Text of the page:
The interviewer can attest to an uplifing experience, excellent dancing, witty as well as inspiring lyrics and catchy music that enthralled a packed audience of women only, many of them students. In order not to spoil the beautiful ending that talks to the Jews of today as well as those who prayed for the Temple's rebuilding in Esther's time, and so as not to give away some of the more original refrains,  we will just mention the audience laughing roundly at the group of women who cared for Esther, while singing "We are eunuchs – in tunics". After all, we ask, what else rhymes with "eunich?"

The show is in English with both English and Hebrew subtitles projected above the stage, so as to make it available to the hearing-impaired.

Raise Your Spirits continues to host as guests, women and girls who are from families of terror victims or of soldiers who fell in the line of duty and works, together with local social service offices, to host women and girls who cannot afford to pay regular prices for tickets.


" It is wonderful to see girls and women given the opportunity to express themselves on stage in a way that is halakhically (according to Jewish law) unquestionable by the authorities whom they follow", adds Greenwald.

"It seems, however", she adds regretfully, "that most of the midrashot – including the most Zionist among them – are directed by men who have never understood the importance of sending their students to see what it is possible to accomplish in bringing the Bible to life in a way that is religiously acceptable. My wish is that - in addition to Emunah College's Drama and Elkana's Dance majors - they some day understand the importance of showing young Jewish religious women that Yes, they can and should develop their talents in the performing arts. We are extremely grateful that there some who do 'get it'."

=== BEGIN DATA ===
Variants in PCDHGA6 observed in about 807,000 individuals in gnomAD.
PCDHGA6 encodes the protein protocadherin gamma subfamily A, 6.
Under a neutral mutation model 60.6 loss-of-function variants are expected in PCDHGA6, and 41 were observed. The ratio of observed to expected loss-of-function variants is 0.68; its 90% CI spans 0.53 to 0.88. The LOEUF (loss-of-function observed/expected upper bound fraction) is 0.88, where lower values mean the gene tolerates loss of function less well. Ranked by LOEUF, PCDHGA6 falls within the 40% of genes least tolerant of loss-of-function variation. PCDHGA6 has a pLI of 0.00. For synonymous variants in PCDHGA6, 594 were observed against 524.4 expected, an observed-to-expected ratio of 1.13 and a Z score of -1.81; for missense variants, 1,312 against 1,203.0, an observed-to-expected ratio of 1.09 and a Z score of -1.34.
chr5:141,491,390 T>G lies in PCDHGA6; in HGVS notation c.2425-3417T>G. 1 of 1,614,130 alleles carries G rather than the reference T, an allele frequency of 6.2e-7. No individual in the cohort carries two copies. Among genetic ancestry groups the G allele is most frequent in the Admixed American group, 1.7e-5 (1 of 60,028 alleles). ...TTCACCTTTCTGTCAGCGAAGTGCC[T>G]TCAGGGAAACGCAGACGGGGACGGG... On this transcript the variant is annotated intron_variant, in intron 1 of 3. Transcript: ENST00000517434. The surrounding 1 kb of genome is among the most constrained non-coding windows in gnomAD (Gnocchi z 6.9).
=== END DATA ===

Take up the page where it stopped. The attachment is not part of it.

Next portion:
The talented lead actresses were Avital Macales as an exquisite Queen Esther, Deena Lawi as a noble Mordechai, and Elana Kronenberg as a wildly comic "wannabe regal" Achashverosh. They have all acted in "Raise Your Spirits" productions in the past. Deena dedicates her role to the memory of Elyse Steinberg, who performed as the first beloved Mordechai, ten years ago.

 In this current production, there are new musical arrangements by Paul Salter, Amit Ben Atar and Mitch Clyman, and new vocal arrangements by Gayle Berman, who also serves as musical director. Eudice Spitz is production manager ("Without whom we could not have accomplished what we did", says Greenwald).

The shows have been licensed abroad, and the company hopes to reach more schools and communities throughout the world – the ultimate "For out of Zion will go forth Torah" – through theater.

For women only. Next performances: January 13 and 17 in Gush Etzion. For tickets: www.raiseyourspirits.org or 052-2278555. Special rates for schools and other groups.

Jan. 24 in the Heichal Tarbut of Kiryat Arba. http://www.kiryat4.org.il/?CategoryID=444

All photo credits to Images Through Time photographer Rebecca Kowalsky of Efrat.